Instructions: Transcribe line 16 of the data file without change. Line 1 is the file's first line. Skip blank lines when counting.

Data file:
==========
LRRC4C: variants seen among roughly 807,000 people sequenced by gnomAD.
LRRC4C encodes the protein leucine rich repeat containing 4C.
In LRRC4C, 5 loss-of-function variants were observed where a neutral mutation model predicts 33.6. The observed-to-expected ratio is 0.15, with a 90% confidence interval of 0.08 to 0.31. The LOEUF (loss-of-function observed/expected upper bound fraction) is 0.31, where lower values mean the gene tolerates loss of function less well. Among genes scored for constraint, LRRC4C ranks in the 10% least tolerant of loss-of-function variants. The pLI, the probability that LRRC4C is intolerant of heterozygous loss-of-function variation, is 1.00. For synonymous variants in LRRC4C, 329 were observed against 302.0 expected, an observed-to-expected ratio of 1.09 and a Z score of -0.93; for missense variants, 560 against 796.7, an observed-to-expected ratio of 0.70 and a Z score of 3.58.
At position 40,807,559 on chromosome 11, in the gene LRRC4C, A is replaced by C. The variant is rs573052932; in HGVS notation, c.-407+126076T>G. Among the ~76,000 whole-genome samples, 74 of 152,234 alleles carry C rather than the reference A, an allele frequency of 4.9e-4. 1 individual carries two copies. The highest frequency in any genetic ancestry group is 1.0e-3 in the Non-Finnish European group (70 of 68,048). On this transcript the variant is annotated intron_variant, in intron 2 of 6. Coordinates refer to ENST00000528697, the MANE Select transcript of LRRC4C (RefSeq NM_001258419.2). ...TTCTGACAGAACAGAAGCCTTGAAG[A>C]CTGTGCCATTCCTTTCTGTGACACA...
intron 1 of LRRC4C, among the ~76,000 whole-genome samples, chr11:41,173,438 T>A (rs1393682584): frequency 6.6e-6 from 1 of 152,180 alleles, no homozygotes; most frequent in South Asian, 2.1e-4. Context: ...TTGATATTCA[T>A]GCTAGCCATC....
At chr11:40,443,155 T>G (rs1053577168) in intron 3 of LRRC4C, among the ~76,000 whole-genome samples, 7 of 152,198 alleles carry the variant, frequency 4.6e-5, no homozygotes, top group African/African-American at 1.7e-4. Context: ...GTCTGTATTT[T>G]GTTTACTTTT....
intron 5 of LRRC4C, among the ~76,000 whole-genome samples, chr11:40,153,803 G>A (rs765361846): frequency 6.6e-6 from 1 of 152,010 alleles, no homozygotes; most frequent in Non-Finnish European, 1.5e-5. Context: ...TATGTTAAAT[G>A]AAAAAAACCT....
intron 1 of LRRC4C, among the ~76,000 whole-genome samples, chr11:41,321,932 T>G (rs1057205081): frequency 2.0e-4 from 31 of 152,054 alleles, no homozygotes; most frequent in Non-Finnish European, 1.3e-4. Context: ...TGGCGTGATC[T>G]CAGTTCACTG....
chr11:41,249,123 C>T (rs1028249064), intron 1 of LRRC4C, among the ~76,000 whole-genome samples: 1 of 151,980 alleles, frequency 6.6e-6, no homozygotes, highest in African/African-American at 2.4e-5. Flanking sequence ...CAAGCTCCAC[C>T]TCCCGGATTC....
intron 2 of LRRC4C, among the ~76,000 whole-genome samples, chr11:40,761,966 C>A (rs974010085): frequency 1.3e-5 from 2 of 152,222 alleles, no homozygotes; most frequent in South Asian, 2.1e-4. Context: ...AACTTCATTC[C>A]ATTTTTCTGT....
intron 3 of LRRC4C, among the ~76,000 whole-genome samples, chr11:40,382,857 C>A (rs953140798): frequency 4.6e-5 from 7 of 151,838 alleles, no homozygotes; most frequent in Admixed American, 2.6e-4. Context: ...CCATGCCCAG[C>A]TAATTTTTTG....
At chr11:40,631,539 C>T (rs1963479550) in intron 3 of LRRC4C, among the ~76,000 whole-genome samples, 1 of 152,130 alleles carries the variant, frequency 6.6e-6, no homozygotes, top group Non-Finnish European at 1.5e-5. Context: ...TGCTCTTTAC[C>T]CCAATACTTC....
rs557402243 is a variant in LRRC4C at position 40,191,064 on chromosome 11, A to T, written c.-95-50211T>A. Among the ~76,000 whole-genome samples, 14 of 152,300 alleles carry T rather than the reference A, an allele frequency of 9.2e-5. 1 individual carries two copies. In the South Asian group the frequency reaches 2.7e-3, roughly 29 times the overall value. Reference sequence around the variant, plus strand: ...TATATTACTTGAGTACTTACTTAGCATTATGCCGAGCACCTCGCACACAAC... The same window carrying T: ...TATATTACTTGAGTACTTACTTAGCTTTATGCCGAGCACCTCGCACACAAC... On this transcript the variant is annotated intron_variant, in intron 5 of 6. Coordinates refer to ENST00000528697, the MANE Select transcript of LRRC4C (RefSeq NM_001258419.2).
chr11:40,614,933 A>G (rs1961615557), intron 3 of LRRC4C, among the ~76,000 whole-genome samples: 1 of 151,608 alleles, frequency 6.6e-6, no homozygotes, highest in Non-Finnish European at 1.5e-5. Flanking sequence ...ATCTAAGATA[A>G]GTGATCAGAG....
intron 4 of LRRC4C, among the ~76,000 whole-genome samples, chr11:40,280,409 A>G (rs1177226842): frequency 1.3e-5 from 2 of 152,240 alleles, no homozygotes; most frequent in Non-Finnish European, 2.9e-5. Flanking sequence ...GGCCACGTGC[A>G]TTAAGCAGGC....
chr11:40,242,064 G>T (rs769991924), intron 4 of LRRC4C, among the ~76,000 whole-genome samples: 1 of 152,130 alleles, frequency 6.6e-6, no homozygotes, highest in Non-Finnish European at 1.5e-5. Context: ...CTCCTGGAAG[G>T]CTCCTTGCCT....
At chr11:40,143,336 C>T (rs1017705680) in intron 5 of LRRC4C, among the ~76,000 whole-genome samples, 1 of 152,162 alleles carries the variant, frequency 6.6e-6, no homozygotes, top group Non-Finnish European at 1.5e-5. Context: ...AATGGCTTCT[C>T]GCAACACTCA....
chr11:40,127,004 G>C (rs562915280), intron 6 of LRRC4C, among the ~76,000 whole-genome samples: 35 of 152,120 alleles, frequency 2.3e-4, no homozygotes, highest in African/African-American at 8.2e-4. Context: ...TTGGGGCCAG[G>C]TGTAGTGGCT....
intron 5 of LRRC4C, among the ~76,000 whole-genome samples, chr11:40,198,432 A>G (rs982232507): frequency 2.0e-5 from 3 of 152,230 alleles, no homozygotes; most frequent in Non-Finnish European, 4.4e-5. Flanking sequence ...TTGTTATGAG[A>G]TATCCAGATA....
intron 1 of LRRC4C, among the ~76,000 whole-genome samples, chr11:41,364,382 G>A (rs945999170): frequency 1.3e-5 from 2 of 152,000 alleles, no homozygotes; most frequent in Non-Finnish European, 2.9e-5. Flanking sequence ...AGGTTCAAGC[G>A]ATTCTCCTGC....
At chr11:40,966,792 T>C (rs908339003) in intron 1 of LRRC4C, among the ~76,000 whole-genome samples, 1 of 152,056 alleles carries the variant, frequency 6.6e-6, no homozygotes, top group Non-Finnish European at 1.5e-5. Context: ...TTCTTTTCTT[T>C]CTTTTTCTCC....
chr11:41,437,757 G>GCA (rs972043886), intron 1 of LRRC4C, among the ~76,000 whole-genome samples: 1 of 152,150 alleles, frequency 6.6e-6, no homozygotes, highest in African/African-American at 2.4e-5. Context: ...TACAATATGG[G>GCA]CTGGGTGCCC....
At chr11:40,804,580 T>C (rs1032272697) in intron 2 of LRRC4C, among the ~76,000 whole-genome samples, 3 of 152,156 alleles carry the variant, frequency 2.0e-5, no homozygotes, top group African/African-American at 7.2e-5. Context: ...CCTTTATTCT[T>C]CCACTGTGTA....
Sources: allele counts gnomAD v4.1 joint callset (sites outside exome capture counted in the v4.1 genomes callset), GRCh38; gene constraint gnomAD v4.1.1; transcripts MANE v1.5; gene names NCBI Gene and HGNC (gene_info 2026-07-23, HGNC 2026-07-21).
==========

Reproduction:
chr11:40,242,064 G>T (rs769991924), intron 4 of LRRC4C, among the ~76,000 whole-genome samples: 1 of 152,130 alleles, frequency 6.6e-6, no homozygotes, highest in Non-Finnish European at 1.5e-5. Context: ...CTCCTGGAAG[G>T]CTCCTTGCCT....